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conversation be such as becometh the Gospel; that whether I come and see you, or be absent, I may hear of your affairs, that ye stand fast in one spirit, with one mind; not as in my presence only, but now much more in my absence, working out your own salvation, with fear and trembling; for it is God that worketh in you, both to will and to do of his good pleasure." And may the God of peace, that brought again from the dead our Lord Jesus, that great shepherd of the sheep, through the blood of the everlasting covenant, make you perfect in every good work, to do his will, working in you that which is well-pleasing in his sight, through Jesus Christ, to whom be glory for ever and ever. Amen.33
32 Phil. i. 27.
33 Heb. xiii. 20.
P. 2. It is a question, &c.] "Christianity being supposed to be either true, or credible, it is unspeakable irreverence, and really the most presumptuous rashness, to treat it as a light matter. It can never justly be esteemed of little consequence, till it be supposed positively false. Nor do I know a higher and more important obligation which we are under, than that of examining most seriously into the evidence of it; supposing its credibility; and of embracing it, upon supposition of its truth." Bp. Butler's Analogy, p. 226. See Sermon IX. p. 150.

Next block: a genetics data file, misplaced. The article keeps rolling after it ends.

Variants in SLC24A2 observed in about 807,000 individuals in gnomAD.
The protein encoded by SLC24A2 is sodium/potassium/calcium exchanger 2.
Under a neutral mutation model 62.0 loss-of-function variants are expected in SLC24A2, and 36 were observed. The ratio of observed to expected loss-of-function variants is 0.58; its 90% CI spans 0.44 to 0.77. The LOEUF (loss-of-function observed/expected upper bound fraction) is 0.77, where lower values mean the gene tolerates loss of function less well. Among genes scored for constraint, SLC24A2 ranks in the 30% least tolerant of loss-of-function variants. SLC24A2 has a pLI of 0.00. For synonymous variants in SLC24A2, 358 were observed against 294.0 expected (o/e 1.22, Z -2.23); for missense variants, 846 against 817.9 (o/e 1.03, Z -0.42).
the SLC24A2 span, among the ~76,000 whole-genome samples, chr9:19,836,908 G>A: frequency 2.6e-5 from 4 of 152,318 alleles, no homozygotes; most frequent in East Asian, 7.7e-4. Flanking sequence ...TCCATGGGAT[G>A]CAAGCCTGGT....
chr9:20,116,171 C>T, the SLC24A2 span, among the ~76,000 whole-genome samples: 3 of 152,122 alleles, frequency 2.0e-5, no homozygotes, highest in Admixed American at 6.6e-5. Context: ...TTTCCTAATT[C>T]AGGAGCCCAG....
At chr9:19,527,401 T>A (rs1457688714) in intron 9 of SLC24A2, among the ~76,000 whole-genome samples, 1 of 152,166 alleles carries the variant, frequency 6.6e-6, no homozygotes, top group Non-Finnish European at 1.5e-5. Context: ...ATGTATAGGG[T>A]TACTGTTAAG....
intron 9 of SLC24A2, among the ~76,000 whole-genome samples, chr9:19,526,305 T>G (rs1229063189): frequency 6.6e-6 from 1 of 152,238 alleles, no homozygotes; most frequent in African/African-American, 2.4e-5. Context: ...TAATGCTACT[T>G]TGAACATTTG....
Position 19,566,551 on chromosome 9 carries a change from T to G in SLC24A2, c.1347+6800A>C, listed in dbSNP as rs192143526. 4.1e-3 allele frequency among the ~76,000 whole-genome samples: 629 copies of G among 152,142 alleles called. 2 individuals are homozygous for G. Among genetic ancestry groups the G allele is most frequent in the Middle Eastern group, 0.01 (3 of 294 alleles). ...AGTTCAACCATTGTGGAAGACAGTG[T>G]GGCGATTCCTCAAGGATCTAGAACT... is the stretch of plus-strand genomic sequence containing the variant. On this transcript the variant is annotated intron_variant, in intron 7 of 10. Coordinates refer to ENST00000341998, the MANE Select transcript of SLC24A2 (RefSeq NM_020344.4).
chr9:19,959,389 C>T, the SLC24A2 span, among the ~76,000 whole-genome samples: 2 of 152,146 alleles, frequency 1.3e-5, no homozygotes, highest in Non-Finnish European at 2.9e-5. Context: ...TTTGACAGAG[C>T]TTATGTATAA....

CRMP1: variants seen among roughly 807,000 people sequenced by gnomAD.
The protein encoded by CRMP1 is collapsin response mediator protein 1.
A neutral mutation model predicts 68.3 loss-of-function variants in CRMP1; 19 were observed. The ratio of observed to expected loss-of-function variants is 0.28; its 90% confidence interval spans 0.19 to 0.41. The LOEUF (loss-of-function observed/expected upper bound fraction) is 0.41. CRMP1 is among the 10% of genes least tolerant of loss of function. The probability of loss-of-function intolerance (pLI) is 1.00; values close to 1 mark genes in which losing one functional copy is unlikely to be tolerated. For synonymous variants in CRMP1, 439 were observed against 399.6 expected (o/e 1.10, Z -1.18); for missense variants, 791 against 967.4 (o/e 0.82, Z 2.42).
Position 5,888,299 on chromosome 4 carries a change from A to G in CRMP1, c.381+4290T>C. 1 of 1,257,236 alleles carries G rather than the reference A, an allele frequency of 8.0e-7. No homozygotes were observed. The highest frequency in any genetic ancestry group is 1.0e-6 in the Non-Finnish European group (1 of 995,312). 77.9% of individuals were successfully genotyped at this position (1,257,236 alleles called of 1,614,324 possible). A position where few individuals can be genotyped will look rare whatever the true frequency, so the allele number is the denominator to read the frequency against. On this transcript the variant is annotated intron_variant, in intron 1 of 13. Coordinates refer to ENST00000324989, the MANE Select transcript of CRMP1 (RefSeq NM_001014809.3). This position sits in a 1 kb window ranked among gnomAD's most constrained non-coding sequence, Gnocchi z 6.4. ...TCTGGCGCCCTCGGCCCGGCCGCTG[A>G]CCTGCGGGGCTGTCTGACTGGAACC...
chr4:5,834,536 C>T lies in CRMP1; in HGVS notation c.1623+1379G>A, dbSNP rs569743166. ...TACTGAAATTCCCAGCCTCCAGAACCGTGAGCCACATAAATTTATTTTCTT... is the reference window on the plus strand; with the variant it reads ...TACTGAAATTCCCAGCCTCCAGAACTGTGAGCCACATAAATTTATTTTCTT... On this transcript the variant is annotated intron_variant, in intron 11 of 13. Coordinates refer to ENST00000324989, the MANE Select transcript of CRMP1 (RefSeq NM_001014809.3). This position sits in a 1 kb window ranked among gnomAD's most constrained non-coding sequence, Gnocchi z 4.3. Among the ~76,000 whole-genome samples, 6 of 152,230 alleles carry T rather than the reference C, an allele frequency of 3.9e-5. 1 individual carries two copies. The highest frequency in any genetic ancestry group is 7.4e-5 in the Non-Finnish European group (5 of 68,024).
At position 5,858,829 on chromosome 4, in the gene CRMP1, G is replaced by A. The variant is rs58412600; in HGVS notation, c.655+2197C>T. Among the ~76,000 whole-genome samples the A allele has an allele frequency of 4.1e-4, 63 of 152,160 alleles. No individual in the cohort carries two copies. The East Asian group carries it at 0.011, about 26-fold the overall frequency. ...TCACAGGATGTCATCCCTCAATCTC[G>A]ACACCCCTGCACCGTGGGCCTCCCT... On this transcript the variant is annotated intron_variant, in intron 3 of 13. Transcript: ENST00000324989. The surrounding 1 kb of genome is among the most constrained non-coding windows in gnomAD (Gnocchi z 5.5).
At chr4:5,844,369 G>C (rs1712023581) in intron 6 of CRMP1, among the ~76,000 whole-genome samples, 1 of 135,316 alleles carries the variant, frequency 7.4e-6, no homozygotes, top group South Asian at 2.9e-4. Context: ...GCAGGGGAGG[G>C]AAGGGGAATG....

P. 12. "Even those Christians, to whom, upon their faith, the Holy Spirit is promised and bestowed, are, by previous operation of God's grace, (opening their minds, inclining their hearts, and tempering their affections,) induced to embrace Christianity, faith itself being a gift of God, and a fruit of the Holy Spirit."-"We may discern and show very conspicuous footsteps of divine grace, working in part, and producing no despicable fruits of moral virtue, of justice and honesty, temperance and sobriety, benignity and bounty, courage and constancy in worthy enterprises; meekness, patience, modesty; prudence and discretion; yea, of piety